Re: What To Do About the Recession by William L. Anderson

From: Technotranscendence (
Date: Mon Nov 05 2001 - 13:14:46 MST

On Monday, November 05, 2001 12:20 AM Robert J. Bradbury wrote:
>> the inevitability of this current recession began when the Fed began to
>> force down interest rates during the mid-1990s. The Fed's actions had a
>> major role in triggering a boom, especially in the high-technology sector
>> of the economy. As the boom continued, it was fed by artificially low
>> interest rates and a false belief that we had entered a "new economy" in
>> which business cycles were a thing of the past.
> Is there any "real" evidence that the Fed is completely to blame here?

I don't think the Fed is completely to blame, though it is mostly to blame.
This does not come from hindsight either. Many free banking theorists
(e.g., Kevin Dowd), Austrian economists (e.g., most of the people at the
Ludwig von Mises Institute), and even some writers at _The Economists_ were
predicting an eventual bust in the late 1990s.

Other factors that have played a role -- albeit a minor one -- are the
pattern and mode of government intervention in the market. By this, I mean
things like previous bailouts and current ones. This not only interferes in
the market, but sets up a pattern of expectations. (Heck, if you knew ahead
of time that the government would bail out your business, wouldn't you be
much more likely to take more risks and not have as big a cash reserve,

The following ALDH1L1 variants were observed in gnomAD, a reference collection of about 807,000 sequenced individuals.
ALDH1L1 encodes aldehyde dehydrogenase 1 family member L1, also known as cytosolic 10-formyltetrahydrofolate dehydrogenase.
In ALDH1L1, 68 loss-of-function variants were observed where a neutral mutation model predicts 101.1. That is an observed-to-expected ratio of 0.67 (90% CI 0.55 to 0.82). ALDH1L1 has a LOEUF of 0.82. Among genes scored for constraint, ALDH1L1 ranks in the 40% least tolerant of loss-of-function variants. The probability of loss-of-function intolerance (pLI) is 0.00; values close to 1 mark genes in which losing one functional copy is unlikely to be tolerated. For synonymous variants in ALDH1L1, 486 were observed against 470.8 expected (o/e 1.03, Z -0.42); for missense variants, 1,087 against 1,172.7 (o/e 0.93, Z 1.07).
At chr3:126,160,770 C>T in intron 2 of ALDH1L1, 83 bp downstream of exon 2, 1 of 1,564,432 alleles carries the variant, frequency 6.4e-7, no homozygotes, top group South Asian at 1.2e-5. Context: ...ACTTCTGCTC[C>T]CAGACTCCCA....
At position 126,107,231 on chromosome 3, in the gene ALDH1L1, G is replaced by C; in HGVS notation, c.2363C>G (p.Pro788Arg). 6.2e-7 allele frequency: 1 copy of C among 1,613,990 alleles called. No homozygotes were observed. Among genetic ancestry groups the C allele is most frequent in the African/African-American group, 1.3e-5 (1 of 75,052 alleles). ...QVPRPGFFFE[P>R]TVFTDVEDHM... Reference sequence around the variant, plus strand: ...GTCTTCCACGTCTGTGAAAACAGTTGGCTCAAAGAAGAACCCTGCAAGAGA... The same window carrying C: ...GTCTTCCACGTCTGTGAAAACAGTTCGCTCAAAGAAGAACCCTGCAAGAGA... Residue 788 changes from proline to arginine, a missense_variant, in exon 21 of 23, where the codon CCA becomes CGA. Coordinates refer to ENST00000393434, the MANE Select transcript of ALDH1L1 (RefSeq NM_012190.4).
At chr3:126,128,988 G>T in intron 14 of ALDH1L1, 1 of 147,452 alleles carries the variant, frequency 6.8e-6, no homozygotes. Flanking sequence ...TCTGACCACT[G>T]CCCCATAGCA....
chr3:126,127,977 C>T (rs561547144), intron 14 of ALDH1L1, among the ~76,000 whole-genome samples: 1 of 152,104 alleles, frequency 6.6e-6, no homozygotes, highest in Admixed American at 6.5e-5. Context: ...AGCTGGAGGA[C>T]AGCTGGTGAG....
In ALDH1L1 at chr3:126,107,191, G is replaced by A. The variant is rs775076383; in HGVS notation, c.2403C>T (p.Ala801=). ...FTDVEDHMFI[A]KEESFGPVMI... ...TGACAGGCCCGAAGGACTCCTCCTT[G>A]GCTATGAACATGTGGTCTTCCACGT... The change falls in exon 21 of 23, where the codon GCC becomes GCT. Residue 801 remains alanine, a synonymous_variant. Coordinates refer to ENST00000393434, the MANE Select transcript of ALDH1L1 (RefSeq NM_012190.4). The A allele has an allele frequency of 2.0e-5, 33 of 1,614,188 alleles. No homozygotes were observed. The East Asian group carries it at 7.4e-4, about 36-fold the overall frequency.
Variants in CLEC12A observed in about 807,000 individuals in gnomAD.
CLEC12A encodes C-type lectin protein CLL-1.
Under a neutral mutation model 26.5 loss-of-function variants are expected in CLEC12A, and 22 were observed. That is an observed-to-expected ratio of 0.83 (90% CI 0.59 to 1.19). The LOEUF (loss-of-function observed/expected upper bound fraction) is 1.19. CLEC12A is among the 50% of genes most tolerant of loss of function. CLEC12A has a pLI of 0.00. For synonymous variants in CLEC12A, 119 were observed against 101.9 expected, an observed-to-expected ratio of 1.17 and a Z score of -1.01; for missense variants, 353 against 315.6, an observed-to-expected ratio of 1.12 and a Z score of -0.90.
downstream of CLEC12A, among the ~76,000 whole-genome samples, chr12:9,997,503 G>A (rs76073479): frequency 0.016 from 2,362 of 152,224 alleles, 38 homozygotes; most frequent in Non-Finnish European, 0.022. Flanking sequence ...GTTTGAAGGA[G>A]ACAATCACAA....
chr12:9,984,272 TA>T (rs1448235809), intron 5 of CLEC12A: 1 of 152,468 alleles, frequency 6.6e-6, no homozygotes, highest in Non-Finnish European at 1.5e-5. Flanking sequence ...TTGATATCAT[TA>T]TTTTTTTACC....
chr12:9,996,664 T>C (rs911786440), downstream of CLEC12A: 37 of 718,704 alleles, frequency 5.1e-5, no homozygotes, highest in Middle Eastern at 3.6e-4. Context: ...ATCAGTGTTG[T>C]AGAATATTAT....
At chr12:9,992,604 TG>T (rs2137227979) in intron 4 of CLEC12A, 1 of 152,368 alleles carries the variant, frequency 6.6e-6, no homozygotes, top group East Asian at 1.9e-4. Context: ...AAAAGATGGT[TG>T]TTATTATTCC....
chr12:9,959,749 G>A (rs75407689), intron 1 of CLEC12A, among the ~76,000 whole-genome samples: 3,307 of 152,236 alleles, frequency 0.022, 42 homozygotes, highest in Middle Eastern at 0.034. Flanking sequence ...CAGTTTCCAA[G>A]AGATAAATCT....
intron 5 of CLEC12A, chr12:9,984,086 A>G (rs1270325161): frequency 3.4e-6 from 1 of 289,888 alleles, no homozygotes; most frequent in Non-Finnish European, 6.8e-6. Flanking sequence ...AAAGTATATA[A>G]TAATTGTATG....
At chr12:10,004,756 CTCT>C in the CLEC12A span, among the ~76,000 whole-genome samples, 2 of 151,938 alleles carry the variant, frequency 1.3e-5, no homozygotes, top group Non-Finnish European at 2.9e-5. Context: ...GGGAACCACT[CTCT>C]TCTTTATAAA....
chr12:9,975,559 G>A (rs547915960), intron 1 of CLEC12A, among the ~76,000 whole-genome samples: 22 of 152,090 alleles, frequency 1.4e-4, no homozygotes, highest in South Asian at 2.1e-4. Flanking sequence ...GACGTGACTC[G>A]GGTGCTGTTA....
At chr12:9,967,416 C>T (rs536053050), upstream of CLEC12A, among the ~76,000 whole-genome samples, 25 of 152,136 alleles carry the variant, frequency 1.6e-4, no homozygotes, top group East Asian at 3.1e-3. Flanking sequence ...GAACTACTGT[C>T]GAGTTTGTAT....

etc. -- all other things being equal?)

Anderson and others (I've even sent a number of articles to this list over
the past year or so making pretty much the same claims as him) have provided
data on this. Some of this can be found at Of course,
the full picture is not in, but the main features have been established.

> Could there not also be some blame to be shared by the economists who
> were pointing out the tremendous gains in productivity that were
> being attributed to the application of information technologies
> (finally),

Well, different economists made different predictions -- based on different
beliefs and models. There were actually gains in productivity, BUT these
were despite Fed policy NOT because of it. Also, not all economists are in
a position to have an impact -- either because they don't have the
government's ear or because they are not that popular. Even the court
economists -- people like Lester Thurow (as some say, he's "less thorough
than the others.":) and Paul Krugman (an unreconstructed Keynesian who
graces the pages of the NYT) -- only add intellectual support. They don't
actual make policy.

> or to the accumulation of wealth that migrated into
> the hands of VCs who spent it all too often on yet-another
> dot-com business plan,

The problem with blaming them is that it's like blaming the victim. A VC or
an investment bank, for the most part, operates inside the scope of the
Fed's policies. (Granted, some are influential with the Fed and with the
government, but the solution to this is clear: remove or minimize their
influence. This can be done by reducing the powers of the Fed or, as I
prefer, abolishing it completely.) So, if the Fed sets interests rates too
low, the VC doesn't see that as something he or she can change. It's like
if the government sets the price of milk too low. Is the consumer of milk
to blame for buying more milk at the lower price? Or is the bad policy --
and those who put it into place and enforce it -- to blame? (See below.)

> or on the newly minted stock owning
> public who felt they had to play the market at never-before-seen
> P/E ratios or risk losing the lottery?

Again, if the Fed hadn't created an environment where people would take such